Updated: Oct 15, 2019
By Rep. Val Okimoto and Rep. Gene Ward, published on Civil Beat.
Hawaii had one of the worst pedestrian fatality rates in 2018.
After the first six months of 2018, our state made headlines after the pedestrian fatality rate went up 1,800%. This year, we have seen 28 pedestrian fatalities — the first of which occurred in Hawaii Kai.
These statistics are very troubling and embarrassing. According to U.S. News and World Report, Hawaii ranks seventh worst in the nation for pedestrian fatalities. Smart Growth America’s “Dangerous by Design” report tells us that Honolulu is the third most dangerous city for those 50 years old and over. Such irony to be third in the nation while we hold the record for longevity of life — except maybe for our kupuna who use our crosswalks.
The reasons for these deaths are not a mystery, and there are three main actors: government, drivers and pedestrians.
First, government has been aware of this problem for many years and has been a bit of a laggard.
Under the Gov. Neil Abercrombie administration, the state Department of Transportation released a Pedestrian Safety Master Plan, and the City and County of Honolulu is finalizing its Oahu Pedestrian Plan later this year. We even have a superhero, Ped Man, to champion pedestrian safety in our communities. Yet, despite Honolulu’s ban on cell phone use and texting while crossing the street in 2017, pedestrian fatalities doubled the next year.
Another exacerbating factor has been a failure of common-sense public policy. For example, in Hawaii Kai, the City and County clandestinely removed one of our busiest crosswalks on Hawaii Kai Drive between the Oahu Club, a local gym, and the Kamaaina Kids Preschool in May 2018. Worried parents and patrons of the Oahu Club emailed us frantically the day of its removal, wondering what had happened.
Despite numerous pleas by Rep. Ward’s office, the Hawaii Kai Neighborhood Board, and then-council member Trevor Ozawa, we were told that it would take two years to repaint and re-curb it in order to conform to ADA regulations. After eight months of complaining and the pulling of teeth, the unfortunate death of an 86-year-old man this January served as a catalyst to return the crosswalk to its rightful place.
Solutions we have advocated include the installation of flashing beacons to increase pedestrian visibility, and traffic calming devices to slow down drivers as they approach a crosswalk. These affordable solutions do not require a lot of engineering, and could alert drivers approaching a crosswalk, which leads to the second cause of why we have so many crosswalk deaths – Hawaii’s drivers.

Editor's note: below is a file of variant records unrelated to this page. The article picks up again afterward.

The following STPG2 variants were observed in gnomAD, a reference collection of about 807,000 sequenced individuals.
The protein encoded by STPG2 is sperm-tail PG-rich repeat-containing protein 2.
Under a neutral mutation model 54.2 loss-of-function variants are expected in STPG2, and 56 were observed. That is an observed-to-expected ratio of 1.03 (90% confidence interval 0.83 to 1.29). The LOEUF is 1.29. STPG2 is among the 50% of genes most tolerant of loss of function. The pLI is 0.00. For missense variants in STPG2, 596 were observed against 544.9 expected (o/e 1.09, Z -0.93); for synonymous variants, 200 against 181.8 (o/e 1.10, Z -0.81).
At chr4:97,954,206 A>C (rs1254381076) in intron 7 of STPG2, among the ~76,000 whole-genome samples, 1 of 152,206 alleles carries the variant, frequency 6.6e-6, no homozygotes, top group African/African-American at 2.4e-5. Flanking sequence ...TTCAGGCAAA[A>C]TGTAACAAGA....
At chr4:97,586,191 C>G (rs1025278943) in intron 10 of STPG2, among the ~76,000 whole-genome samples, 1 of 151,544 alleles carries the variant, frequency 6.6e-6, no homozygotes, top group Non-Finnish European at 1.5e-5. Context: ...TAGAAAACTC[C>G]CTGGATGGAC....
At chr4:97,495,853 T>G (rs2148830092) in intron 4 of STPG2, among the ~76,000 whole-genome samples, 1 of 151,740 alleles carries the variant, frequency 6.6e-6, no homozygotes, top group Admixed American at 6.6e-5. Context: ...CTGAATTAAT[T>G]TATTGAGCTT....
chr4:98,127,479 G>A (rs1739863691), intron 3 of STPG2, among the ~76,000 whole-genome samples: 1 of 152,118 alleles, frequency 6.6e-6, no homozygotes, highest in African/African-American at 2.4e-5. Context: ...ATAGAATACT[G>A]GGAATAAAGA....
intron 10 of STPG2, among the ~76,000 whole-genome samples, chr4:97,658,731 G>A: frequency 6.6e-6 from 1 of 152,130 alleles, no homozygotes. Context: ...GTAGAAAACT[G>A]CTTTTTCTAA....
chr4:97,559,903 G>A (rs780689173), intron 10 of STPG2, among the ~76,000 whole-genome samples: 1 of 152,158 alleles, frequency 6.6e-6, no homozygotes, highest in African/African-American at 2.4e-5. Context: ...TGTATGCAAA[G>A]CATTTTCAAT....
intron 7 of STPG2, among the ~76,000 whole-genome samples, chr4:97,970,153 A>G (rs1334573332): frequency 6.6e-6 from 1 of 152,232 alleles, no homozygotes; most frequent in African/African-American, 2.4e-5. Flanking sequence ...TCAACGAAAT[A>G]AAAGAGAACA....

Wake Up, Drivers!
Hawaii drivers are generally polite but usually in a hurry, often run red lights, and don’t give full attention to pedestrians near a crosswalk. The Honolulu Police Department needs to step up traffic enforcement, and yes, the Legislature should have a conversation again about installing red light cameras at dangerous intersections.
The point is, Hawaii drivers need a wake-up call to be more aware that they might need to stop abruptly, which leads to the third cause of so many crosswalk deaths — pedestrian inattentiveness.
Following the adage that “assumption is the lowest form of information,” pedestrians stepping onto a crosswalk without first looking for cars or trucks are flirting with disaster. Some pedestrians, though they have a legal right of way, enter crosswalks with an arrogance and swagger that endangers them. Pedestrians must “walk defensively” and be more alert and conscientious when their foot hits the crosswalk pavement — and before the electronic countdown begins, lest they get a ticket.
The bottom line is that behind every fatality in a crosswalk are family members, friends and colleagues who mourn the loss of their loved one.
Everyone has a role to play to make Hawaii a better and safer place to live.
Just last month, a 90-year-old woman was killed in Salt Lake while crossing the street. Two days prior, she was in Rep. Ward’s office to celebrate her brother’s 100th birthday with a House Certificate of Commendation.
Everyone has a role to play to make Hawaii a better and safer place to live. Policymakers must prioritize funding and implement rational regulations, and drivers and pedestrians must use their common sense to drive and walk safely.
The fundamentals still apply: don’t drink and drive (now add “don’t smoke and drive,” given the wave of decriminalization and legalization of marijuana across the country), don’t cross the street without looking both ways, and keep your phone out of your hands and away from your ears.
Only an alert government, conscientious drivers and disciplined pedestrians working together can stop this killing in our crosswalks.